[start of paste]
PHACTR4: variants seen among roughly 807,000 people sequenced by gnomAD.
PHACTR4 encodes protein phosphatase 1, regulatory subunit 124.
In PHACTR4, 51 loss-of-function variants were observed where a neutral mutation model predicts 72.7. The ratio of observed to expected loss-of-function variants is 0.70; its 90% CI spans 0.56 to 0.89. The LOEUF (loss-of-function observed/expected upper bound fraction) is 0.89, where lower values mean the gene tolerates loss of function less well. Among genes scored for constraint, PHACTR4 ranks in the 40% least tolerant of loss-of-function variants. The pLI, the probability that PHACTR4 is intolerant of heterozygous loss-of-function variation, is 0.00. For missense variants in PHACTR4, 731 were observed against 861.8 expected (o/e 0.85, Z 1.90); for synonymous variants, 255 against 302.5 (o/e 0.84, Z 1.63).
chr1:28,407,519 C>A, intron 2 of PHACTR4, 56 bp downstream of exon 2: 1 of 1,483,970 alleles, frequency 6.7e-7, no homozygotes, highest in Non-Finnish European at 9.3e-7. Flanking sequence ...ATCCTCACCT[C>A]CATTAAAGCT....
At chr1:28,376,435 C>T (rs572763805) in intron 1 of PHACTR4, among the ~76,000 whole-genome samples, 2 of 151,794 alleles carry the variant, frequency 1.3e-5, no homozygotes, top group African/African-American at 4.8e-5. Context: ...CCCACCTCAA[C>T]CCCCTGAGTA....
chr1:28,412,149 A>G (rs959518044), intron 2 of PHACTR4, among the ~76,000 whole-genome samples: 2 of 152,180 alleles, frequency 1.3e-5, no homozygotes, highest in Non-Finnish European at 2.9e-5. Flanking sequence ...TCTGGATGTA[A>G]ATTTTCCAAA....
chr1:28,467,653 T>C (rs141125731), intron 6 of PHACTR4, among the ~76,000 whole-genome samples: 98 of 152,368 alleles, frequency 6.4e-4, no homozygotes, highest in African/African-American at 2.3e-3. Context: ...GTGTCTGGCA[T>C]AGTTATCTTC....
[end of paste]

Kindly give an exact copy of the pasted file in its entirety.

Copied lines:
PHACTR4: variants seen among roughly 807,000 people sequenced by gnomAD.
PHACTR4 encodes protein phosphatase 1, regulatory subunit 124.
In PHACTR4, 51 loss-of-function variants were observed where a neutral mutation model predicts 72.7. The ratio of observed to expected loss-of-function variants is 0.70; its 90% CI spans 0.56 to 0.89. The LOEUF (loss-of-function observed/expected upper bound fraction) is 0.89, where lower values mean the gene tolerates loss of function less well. Among genes scored for constraint, PHACTR4 ranks in the 40% least tolerant of loss-of-function variants. The pLI, the probability that PHACTR4 is intolerant of heterozygous loss-of-function variation, is 0.00. For missense variants in PHACTR4, 731 were observed against 861.8 expected (o/e 0.85, Z 1.90); for synonymous variants, 255 against 302.5 (o/e 0.84, Z 1.63).
chr1:28,407,519 C>A, intron 2 of PHACTR4, 56 bp downstream of exon 2: 1 of 1,483,970 alleles, frequency 6.7e-7, no homozygotes, highest in Non-Finnish European at 9.3e-7. Flanking sequence ...ATCCTCACCT[C>A]CATTAAAGCT....
At chr1:28,376,435 C>T (rs572763805) in intron 1 of PHACTR4, among the ~76,000 whole-genome samples, 2 of 151,794 alleles carry the variant, frequency 1.3e-5, no homozygotes, top group African/African-American at 4.8e-5. Context: ...CCCACCTCAA[C>T]CCCCTGAGTA....
chr1:28,412,149 A>G (rs959518044), intron 2 of PHACTR4, among the ~76,000 whole-genome samples: 2 of 152,180 alleles, frequency 1.3e-5, no homozygotes, highest in Non-Finnish European at 2.9e-5. Flanking sequence ...TCTGGATGTA[A>G]ATTTTCCAAA....
chr1:28,467,653 T>C (rs141125731), intron 6 of PHACTR4, among the ~76,000 whole-genome samples: 98 of 152,368 alleles, frequency 6.4e-4, no homozygotes, highest in African/African-American at 2.3e-3. Context: ...GTGTCTGGCA[T>C]AGTTATCTTC....